Nephi, the Psalmist, and Habakkuk all attributed the Exodus miracles not to Moses or Joshua but to God. They emphasized God’s central role in these monumental events with the intent to strengthen faith in God’s ability to act in the affairs of mankind and, more important, God’s power in their own affairs.

The Paradigm Shift

The use of the Exodus motif served as an impressive and profound way to illustrate God’s power throughout Old Testament times. But according to Jeremiah, that motif would eventually be replaced by another paradigm. Note Jeremiah’s words: “Therefore, behold, the days come, saith the Lord, that it shall no more be said, The Lord liveth, that brought up the children of Israel out of the land of Egypt; but, The Lord liveth, that brought up the children of Israel from the land of the north, and from all the lands whither he had driven them: and I will bring them again into their land that I gave unto their fathers” (Jeremiah 16:14–15).

According to Jeremiah, the day will come when the Exodus story will be eclipsed by another event, or series of events: the latter-day gathering of Israel. Stories from the modern gathering will replace the Exodus story as the benchmark demonstration of God’s power and His control over the destiny of nations and individuals. Modern apostles and prophets will rehearse stories in general conference regarding their own missionary experiences, the experiences of other missionaries and converts, and the dedication of distant foreign lands for the preaching of the gospel.

Some may wonder how the modern gathering of Israel could replace the Exodus story as the optimum example of God’s majestic power. Certainly, the latter-day gathering will include miracles as in ancient times. And it will transcend the Exodus story in other ways—extremely important ways.

The New Paradigm

The latter-day gathering will surpass the events of the Exodus in terms of its sheer magnitude, the outpouring of spiritual and temporal blessings, and the use of the Book of Mormon as the instrument of gathering.

A worldwide gathering. Moses gathered ancient Israel from a relatively small geographical area. In contrast, Old Testament prophecies regarding the latter days speak of a worldwide gathering—a gathering that reaches the uttermost parts of the earth. Jeremiah referred to this when he said the Lord would send fishers and hunters to search for modern Israel from every mountain, hill, and hole of the rocks (see Jeremiah 16:16).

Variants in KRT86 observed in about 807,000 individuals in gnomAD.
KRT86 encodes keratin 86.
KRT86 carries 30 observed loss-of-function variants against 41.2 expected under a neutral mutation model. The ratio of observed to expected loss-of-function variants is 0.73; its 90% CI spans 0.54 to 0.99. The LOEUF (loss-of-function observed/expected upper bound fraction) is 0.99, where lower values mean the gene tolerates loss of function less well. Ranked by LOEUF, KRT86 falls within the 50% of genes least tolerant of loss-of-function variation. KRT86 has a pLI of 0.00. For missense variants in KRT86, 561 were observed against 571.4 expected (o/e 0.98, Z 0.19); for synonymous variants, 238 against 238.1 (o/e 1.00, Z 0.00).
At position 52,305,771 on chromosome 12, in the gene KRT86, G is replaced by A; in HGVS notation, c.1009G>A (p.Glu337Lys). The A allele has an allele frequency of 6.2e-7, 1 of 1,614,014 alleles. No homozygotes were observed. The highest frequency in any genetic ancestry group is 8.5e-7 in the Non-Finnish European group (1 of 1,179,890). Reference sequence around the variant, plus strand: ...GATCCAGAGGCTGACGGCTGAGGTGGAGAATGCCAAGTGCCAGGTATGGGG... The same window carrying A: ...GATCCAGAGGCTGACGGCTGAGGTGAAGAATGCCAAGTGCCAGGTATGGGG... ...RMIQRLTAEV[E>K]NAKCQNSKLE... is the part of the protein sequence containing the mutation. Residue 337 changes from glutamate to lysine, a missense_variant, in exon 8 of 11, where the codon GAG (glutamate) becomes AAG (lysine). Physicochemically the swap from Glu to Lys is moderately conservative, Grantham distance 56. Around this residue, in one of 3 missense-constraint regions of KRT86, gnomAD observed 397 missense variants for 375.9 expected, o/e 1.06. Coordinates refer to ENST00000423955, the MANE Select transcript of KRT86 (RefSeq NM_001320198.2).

Other Old Testament prophets echoed similar thoughts. Isaiah declared, “And he shall set up an ensign for the nations, and shall assemble the outcasts of Israel, and gather together the dispersed of Judah from the four corners of the earth” (Isaiah 11:12). Here, the four quarters is a Hebrew literary device meant to symbolize north, east, west, and south, or, in other words, universality.

Ezekiel echoed a similar thought when he announced, “I will even gather you from the people, and assemble you out of the countries where ye have been scattered. . . . I will take the children of Israel from among the heathen, whither they be gone, and will gather them on every side” (Ezekiel 11:17; 37:21). Lastly, Micah wrote, “I will surely assemble, O Jacob, all of thee; I will gather the remnant of Israel; . . . they shall make great noise by reason of the multitude of men” (Micah 2:12).

Moses gathered ancient Israel from the land of Egypt—not an easy task, to say the least. The modern-day gathering of Israel, however, will reach far beyond the confines of a single country to include all nations of the earth, from major cities to tiny villages so small and remote they cannot be found on a map. The enormity of this work will require miracle after miracle, which may never be reported or talked about except in the journal pages of faithful missionaries and converts across the world.

An outpouring of spiritual and temporal blessings. No doubt about it, Moses understood his people. Unfortunately, most of what he understood was their propensity for negative, narcissistic, and self-destructive behaviors. He understood their spiritual waffling, their propensity to adopt worldly behavior, and their unwillingness to remain firm and steadfast in God’s love. He also knew their spiritual shortsightedness and disobedience would ultimately lead to their forced expulsion from the promised land and their scattering among the nations of the world.